Dancing eyes-Dancing feet Syndrome

Dancing eyes-Dancing feet Syndrome is medically better known as the Opsoclonus-myoclonus syndrome (OMS). It is a rare neurologic disorder characterized by rapid, multi-directional eye movements (opsoclonus), sudden muscle contractions (myoclonic jerks), uncoordinated movement (ataxia), irritability and sleep disturbance.
The onset is usually abrupt, often severe and can become chronic. Dancing eyes-Dancing feet Syndrome typically occurs in association with tumors (neuroblastomas) or following a viral infection. Relapses are common and may occur without warning.

Signs and symptoms of Dancing eyes-Dancing feet Syndrome may include [a] an unsteady and trembling gait, [b] sudden, brief, shock-like muscle spasms (myoclonus) and [c] irregular, rapid eye movements (opsoclonus). Muscle spasms occur  most when trying to move and worsens with agitation or stimulation, but can also be present at rest. An affected person may appear tremulous, or have jerking movements. The face, eyelids, limbs, fingers, head and trunk may be involved. During the peak of the illness, sitting or standing is difficult or even impossible. Other symptoms may include difficulty speaking; poorly articulated speech or an inability to speak; difficulty eating or sleeping; excessive drooling; incoordination; rage attacks; head tilt; a decrease in muscle tone; malaise; and/or other abnormalities. Children may appear to be nervous, irritable or lethargic while adults may have mental clouding (encephalopathy).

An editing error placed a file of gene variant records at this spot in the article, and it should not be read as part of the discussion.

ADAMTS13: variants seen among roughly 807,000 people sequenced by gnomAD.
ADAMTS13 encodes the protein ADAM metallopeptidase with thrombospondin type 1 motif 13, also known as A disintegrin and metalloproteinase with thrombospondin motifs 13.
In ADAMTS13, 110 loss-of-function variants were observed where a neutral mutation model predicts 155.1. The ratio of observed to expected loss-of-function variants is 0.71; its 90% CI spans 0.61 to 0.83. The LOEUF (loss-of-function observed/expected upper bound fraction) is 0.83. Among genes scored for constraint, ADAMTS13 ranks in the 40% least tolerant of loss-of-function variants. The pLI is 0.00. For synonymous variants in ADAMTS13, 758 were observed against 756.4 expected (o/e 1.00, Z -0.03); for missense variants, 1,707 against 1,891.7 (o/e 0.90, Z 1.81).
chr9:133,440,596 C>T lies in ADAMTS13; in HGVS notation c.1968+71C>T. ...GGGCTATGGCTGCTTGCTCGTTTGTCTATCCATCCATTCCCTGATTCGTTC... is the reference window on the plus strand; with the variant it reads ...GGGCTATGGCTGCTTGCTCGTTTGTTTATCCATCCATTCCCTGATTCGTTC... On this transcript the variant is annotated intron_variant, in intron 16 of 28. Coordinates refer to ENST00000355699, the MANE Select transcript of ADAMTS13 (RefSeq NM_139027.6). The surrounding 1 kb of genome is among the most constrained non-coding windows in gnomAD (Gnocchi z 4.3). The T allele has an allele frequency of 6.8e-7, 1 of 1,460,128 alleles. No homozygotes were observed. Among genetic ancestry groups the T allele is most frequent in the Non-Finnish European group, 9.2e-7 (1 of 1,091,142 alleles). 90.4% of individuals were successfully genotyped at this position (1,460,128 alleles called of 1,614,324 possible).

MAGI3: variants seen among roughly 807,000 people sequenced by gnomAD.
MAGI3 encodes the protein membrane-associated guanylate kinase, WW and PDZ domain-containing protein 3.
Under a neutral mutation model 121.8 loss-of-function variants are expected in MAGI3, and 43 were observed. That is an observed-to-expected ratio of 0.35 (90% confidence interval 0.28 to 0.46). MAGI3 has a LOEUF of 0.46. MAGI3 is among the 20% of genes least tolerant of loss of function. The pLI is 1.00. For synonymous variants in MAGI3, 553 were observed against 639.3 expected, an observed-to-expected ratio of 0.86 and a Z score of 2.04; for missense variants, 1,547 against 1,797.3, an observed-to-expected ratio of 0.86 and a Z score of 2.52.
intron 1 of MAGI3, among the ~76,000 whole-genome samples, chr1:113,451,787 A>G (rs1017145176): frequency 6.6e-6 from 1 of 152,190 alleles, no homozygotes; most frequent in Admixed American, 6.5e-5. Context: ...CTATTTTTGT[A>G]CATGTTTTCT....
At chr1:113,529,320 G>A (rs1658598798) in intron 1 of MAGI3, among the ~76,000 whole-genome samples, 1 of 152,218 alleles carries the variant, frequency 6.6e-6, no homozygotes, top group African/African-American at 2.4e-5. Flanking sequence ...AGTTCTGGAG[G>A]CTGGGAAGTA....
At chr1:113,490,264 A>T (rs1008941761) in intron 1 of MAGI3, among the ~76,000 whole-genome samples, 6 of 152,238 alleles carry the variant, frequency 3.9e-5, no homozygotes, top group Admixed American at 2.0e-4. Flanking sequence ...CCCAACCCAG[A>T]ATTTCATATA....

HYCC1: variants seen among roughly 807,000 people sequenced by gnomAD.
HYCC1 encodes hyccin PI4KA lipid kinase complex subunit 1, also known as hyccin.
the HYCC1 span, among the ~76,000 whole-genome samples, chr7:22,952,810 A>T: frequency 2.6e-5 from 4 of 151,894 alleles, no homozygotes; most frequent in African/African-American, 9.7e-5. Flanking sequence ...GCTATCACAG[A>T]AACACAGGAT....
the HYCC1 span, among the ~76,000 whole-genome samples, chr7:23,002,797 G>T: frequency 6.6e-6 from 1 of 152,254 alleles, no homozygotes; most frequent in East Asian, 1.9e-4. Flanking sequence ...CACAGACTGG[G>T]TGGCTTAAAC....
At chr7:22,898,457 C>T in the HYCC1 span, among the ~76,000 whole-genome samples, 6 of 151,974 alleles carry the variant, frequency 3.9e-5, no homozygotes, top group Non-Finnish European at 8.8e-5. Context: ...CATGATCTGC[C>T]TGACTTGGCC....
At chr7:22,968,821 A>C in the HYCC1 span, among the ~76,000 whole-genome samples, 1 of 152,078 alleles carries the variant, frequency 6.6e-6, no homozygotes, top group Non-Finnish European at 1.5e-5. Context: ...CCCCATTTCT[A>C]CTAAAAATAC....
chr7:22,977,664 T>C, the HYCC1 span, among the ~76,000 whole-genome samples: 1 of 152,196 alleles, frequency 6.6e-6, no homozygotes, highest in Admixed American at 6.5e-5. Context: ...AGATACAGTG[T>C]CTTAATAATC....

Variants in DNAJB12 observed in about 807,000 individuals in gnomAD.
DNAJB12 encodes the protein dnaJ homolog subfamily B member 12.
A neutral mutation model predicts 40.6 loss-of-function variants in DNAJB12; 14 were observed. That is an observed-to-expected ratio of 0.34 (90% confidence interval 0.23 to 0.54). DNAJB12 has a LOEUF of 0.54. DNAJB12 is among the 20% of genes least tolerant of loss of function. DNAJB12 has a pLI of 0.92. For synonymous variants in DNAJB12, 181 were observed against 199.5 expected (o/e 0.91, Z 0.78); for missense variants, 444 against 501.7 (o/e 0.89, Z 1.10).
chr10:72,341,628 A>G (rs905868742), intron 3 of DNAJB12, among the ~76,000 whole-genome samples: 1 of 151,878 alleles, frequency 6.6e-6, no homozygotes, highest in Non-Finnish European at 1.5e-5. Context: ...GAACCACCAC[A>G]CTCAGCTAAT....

Recently this syndrome has been linked to infections with Dengue Virus[1], Zika Virus[2], West Nile Virus[3] and Influenza A Virus[4].

[1] Tan et al: Opsoclonus-myoclonus-ataxia syndrome associated with dengue virus infection in Parkinsonism and Related Disorders – 2015
[2] Burness: New evidence finds mosquitoes could infect humans with Zika and chikungunya viruses at the same time in EurekAlert – 2016
[3] Bîrluţiu et al: Opsoclonus-myoclonus syndrome attributable to West Nile encephalitis: a case report in Journal of Medical Case Reports – 2014
[4] Morita et al: Opsoclonus-myoclonus syndrome following influenza a infection in Internal Medicine – 2015

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